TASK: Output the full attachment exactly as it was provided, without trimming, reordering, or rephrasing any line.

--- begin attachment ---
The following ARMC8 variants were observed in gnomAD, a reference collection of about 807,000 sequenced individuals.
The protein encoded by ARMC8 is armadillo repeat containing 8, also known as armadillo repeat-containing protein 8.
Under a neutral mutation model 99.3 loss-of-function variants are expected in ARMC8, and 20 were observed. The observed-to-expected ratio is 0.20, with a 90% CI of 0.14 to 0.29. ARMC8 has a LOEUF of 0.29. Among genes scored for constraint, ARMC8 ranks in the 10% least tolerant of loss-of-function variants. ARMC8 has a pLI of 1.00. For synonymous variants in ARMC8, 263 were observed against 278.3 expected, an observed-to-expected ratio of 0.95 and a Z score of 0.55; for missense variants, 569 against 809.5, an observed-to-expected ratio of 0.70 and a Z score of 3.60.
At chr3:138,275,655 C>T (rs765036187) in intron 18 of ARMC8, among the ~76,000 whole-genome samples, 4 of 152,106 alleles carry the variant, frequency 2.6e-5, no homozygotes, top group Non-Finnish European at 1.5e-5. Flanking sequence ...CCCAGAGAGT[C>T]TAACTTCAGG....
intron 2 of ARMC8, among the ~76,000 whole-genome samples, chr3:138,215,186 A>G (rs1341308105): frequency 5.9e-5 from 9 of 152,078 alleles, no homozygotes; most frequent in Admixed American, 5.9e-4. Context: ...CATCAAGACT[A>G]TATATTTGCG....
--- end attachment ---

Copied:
The following ARMC8 variants were observed in gnomAD, a reference collection of about 807,000 sequenced individuals.
The protein encoded by ARMC8 is armadillo repeat containing 8, also known as armadillo repeat-containing protein 8.
Under a neutral mutation model 99.3 loss-of-function variants are expected in ARMC8, and 20 were observed. The observed-to-expected ratio is 0.20, with a 90% CI of 0.14 to 0.29. ARMC8 has a LOEUF of 0.29. Among genes scored for constraint, ARMC8 ranks in the 10% least tolerant of loss-of-function variants. ARMC8 has a pLI of 1.00. For synonymous variants in ARMC8, 263 were observed against 278.3 expected, an observed-to-expected ratio of 0.95 and a Z score of 0.55; for missense variants, 569 against 809.5, an observed-to-expected ratio of 0.70 and a Z score of 3.60.
At chr3:138,275,655 C>T (rs765036187) in intron 18 of ARMC8, among the ~76,000 whole-genome samples, 4 of 152,106 alleles carry the variant, frequency 2.6e-5, no homozygotes, top group Non-Finnish European at 1.5e-5. Flanking sequence ...CCCAGAGAGT[C>T]TAACTTCAGG....
intron 2 of ARMC8, among the ~76,000 whole-genome samples, chr3:138,215,186 A>G (rs1341308105): frequency 5.9e-5 from 9 of 152,078 alleles, no homozygotes; most frequent in Admixed American, 5.9e-4. Context: ...CATCAAGACT[A>G]TATATTTGCG....